I want to stress to everyone just how much the possibility of finding cures for these life-altering diseases means to me personally. I have known what it is like to feel the shadow of a debilitating disease draped over one's life. As a child, I suffered from polio.

When I was 2 years old, I came down with an infection that felt a lot like the flu. But after the fever passed, my left leg had gone lame.

The only reason I am able to stand here today unaided is because of the heroic efforts of my mother. She was not a doctor or a nurse, but she fought as hard as she knew how to save her only son from being trapped forever in a leg brace.

For 2 years, my mother put me through a physical therapy regimen taught to her by the doctors at Roosevelt Warm Springs Institute for Rehabilitation, which was, of course, founded by President Roosevelt. That was over in Warm Springs, GA. From age 2 to 4, I was not allowed to walk or to run.

But after 2 years of my mother's care, I was able to have a normal life. A lot of kids at that time in the 1940s were not so lucky. Some were paralyzed for life. Some were sentenced to an iron lung. Many died.

So believe me, Mr. President, when I say I understand the urgency to find cures for the afflictions that are today's polio. I remember when the prayers of my mother and mothers across the country were answered when Dr. Jonas Salk developed his polio vaccine in 1955. To prove the new vaccine was safe, Dr. Salk administered it to himself, his wife, and their three children. As he did so, he was asked how he could dare his and his family's lives on his new treatment. He replied:

It is courage based on confidence, not daring--and it is confidence based on experience.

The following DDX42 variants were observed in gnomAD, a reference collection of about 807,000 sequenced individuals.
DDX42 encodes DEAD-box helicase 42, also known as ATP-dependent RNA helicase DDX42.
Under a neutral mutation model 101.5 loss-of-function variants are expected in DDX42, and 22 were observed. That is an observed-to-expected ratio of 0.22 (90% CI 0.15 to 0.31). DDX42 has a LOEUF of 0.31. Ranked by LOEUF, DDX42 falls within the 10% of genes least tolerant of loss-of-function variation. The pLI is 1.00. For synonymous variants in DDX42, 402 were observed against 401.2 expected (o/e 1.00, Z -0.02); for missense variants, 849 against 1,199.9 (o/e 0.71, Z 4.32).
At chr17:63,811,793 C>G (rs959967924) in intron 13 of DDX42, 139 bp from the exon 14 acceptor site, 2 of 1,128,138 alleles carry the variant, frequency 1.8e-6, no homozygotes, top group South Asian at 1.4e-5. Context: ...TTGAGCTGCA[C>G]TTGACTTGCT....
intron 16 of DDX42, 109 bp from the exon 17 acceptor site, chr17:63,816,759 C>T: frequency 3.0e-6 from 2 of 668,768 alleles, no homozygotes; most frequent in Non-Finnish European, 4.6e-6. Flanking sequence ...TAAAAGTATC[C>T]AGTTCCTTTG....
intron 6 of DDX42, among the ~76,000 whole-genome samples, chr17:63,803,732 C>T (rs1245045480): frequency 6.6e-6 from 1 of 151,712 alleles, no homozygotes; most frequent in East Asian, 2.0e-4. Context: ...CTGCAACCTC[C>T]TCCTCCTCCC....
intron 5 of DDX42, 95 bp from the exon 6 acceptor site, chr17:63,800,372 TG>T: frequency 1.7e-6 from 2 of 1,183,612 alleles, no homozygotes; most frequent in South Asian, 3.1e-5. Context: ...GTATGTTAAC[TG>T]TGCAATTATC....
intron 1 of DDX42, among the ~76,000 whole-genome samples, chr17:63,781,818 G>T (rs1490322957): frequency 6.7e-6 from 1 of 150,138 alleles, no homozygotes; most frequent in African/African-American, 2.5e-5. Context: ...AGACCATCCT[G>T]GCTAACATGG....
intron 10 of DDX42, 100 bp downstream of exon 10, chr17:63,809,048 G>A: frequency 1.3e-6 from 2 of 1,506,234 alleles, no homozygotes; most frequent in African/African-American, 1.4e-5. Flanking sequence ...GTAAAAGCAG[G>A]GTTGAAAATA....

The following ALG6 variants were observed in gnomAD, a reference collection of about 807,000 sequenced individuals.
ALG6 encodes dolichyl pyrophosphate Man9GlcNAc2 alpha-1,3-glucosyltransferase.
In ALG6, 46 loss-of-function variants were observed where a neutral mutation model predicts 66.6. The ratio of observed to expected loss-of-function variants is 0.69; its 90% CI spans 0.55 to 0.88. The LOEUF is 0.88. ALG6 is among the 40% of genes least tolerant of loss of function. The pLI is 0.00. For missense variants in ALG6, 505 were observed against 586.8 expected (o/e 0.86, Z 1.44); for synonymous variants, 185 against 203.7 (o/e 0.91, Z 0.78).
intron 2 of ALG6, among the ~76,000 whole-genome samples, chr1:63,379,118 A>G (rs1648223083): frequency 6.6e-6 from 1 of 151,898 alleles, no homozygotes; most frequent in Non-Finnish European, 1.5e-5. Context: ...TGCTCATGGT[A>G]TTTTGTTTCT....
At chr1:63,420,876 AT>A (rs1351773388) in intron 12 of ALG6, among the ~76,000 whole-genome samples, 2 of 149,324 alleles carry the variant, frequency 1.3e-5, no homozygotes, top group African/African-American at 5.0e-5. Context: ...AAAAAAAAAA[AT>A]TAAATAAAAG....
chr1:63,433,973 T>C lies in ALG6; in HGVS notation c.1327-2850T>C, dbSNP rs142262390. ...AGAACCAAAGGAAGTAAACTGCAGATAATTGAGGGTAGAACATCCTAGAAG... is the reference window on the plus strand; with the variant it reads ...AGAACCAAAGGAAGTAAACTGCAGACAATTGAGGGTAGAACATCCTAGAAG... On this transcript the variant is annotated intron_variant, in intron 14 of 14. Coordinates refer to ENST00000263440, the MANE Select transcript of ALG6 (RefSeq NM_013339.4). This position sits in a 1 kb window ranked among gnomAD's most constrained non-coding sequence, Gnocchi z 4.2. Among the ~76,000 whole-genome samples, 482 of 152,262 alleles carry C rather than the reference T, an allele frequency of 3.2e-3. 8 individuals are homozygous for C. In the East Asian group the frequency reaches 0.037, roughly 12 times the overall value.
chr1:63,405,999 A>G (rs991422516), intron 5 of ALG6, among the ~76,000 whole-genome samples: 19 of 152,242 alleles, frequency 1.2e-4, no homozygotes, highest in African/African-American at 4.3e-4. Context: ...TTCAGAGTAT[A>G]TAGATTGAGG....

Dr. Salk's wisdom ought to guide us today. The daring path is the one that asks us to destroy a life for the possibility that we might save another. If we go down that route, we are daring to ruin America's long and proud record of upholding the highest moral and ethical standards as we seek out new solutions, new cures, and new hopes.

Then there is the path of confidence--the confidence that, thanks to new technologies and new methods of research, scientists can explore the promise of embryonic stem cell research without destroying the human embryo.

Like Dr. Salk's, this confidence is based on experience--the experience of America's best scientists who are pursuing these new methods of research.

The next Dr. Jonas Salk is out there. Providing the money for these methods of research through this bill is how this Senate can help.

I am a believer in the power of science and technology to improve people's lives. I saw it firsthand as a young boy.

Like all of my colleagues, I have great hope for the cures that we will one day find. The Coleman-Isakson bill is something Senators of both parties can support. I hope that they will. Millions of Americans with loved ones in need hope that they will. And I look forward to the successful passage of this bill so America's dominance in medicine and medical technology can continue to move forward.

Mr. President, I yield the floor.